Gallery2:Code Overview - Gallery Codex
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Gallery2:Code Overview

From Gallery Codex

Code Overview

This page describes the basic structure of the Gallery 2 application and some high level design concepts. It will help you learn your way around the codebase before developing new modules or themes, or modifying existing code. It helps if readers have some knowledge of object oriented programming and web based applications.

Gallery 2 is a PHP application that uses a single entry point to handle all HTTP requests: main.php. This script reads your configuration file (config.php) and then checks some basic parameters so it can handoff processing of the request to the right code. Gallery uses the Model-View-Controller design pattern (though with loosely defined models). In short, views are for display and controllers perform actions. So main.php determines which view or controller will process the request and hands over control. Views are then wrapped in a theme system to give site builders the ability to control much of the layout and appearance of the site with minimal PHP code involved.

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Views

Modules define views (classes extending GalleryView) in *.inc files in the module's directory (alongside module.inc). There are two flavors of views:

Standard Views: These views create an HTML page in the application. To separate the code from the user interface, all data needed for creating the page is loaded first. The container for this data is the GalleryTemplate. The view loads whatever data it will need and then the theme (which may also load some data) takes over to render the page.

Immediate Views: These are special purpose views which bypass the theme system and send their output directly. This can be to send non-HTML output such as binary or XML data. Immediate views are also used for AJAX requests, where javascript code interacts with the Gallery server behind-the-scenes and updates the page dynamically as results come back. Some AJAX views may save changes to the database (arguably these should be controllers).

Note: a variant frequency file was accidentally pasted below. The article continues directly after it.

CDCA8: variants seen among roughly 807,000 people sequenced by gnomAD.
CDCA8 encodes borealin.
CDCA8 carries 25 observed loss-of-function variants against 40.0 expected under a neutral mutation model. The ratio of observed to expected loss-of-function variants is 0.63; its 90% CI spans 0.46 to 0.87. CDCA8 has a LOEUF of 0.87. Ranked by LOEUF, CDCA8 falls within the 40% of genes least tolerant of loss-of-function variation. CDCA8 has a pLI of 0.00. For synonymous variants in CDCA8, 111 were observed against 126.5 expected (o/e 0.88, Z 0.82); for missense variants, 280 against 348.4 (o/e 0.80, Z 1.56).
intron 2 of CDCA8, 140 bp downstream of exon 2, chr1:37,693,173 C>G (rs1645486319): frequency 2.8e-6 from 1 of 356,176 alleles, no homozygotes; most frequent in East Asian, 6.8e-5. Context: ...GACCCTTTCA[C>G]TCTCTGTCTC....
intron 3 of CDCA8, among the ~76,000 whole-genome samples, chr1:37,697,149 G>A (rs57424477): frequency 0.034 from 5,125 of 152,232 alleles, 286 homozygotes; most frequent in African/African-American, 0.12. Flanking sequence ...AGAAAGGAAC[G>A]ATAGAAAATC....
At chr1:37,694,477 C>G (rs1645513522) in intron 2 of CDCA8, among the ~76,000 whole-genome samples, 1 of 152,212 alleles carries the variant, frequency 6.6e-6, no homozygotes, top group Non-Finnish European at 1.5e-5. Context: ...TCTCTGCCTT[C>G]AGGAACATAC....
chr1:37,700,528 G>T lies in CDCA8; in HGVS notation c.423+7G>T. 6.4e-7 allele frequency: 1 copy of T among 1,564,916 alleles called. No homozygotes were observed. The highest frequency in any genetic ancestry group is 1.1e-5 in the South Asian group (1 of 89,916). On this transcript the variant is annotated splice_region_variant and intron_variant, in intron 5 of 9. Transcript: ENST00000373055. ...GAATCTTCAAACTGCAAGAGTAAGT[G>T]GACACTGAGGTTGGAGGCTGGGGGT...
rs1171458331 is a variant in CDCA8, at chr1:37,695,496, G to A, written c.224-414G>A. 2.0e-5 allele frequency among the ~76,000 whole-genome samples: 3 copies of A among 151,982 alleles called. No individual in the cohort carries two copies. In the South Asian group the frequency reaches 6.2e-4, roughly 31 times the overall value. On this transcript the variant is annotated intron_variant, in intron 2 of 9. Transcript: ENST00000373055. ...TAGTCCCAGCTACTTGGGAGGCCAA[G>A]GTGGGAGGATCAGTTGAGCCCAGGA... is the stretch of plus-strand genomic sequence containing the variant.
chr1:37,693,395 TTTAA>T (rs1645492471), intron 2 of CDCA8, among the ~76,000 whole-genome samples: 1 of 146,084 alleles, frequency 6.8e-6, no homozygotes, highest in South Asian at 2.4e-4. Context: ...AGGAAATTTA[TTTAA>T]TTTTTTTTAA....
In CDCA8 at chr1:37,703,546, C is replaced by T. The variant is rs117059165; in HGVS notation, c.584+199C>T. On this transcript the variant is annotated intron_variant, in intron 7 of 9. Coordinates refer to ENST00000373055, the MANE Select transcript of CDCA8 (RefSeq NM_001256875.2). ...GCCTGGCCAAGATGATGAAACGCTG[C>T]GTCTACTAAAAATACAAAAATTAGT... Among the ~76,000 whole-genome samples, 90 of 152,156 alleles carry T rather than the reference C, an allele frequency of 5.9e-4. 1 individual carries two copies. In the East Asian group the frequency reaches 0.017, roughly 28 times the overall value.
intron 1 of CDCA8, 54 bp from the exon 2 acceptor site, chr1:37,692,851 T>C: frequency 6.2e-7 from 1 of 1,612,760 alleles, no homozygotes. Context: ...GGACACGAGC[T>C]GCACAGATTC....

• Technical notes: an immediate view includes an isImmediate function that returns true. An AJAX view that saves changes should also include an isControllerLike function that returns true.


Themes

Themes have total control of Gallery's page layout and appearance. The Gallery framework determines the type of page being accessed and calls one of six functions in the active theme's theme.inc file (a class extending GalleryTheme).

  • showAlbumPage or showPhotoPage: Displays individual or grouped Gallery items
  • showModulePage: Other Gallery pages added by modules
  • showAdminPage: Gallery administration pages; they function just like module pages, but call a different theme function in case the theme wants to customize the display of browsing vs admin pages
  • showErrorPage: main.php routes errors to the core.ErrorPage view
  • showProgressBar: Controllers may delegate control to the core.ProgressBar view for long running tasks

Each of these functions loads any additional required data into the template and then specifies a tpl file for the page display. In most cases this is theme.tpl. Calling theme.tpl first creates a wrapper for other page types and maintains a basic look and feel (headers, banners, etc) across all Gallery pages. The theme.tpl then rechecks the page type and includes the associated tpl for the Gallery content requested. More about themes and the template system

Controllers

Controllers perform actions that will save changes on the server. Adding new photos or comments, changing settings or even logging in are actions handled by controllers. Controllers extend the GalleryController class and their code resides in the *.inc files in a module's directory along with the views.

Generally the first task done by controllers is to verify proper permissions for the requested action. Always remember that even if your view omits a button or link based on permissions, the controller still must check permissions as HTTP requests can be manually constructed.

The second task is to validate the input data. If any user entered data is missing or invalid, the controller adds a token to the $error array that will be returned. Only if the inputs are valid does the controller proceed with the operation and set a key in the $success array. Controllers then instruct main.php what to do next. Upon success a controller will send a redirect, usually back to the same view. The $success data is stored in the session and made available to the view in the next request so it can show a status message. If $error is nonempty usually a controller will delegate back to the same view. This means the view is rendered in the same HTTP request, so the given $form data is still available. The view can then fill in the user entered data (so they don't have to enter it again) and check the $error tokens to show the appropriate error message next to the invalid data. These checks and messages are in the tpl file for the view.


Subviews, *Plugins and *Options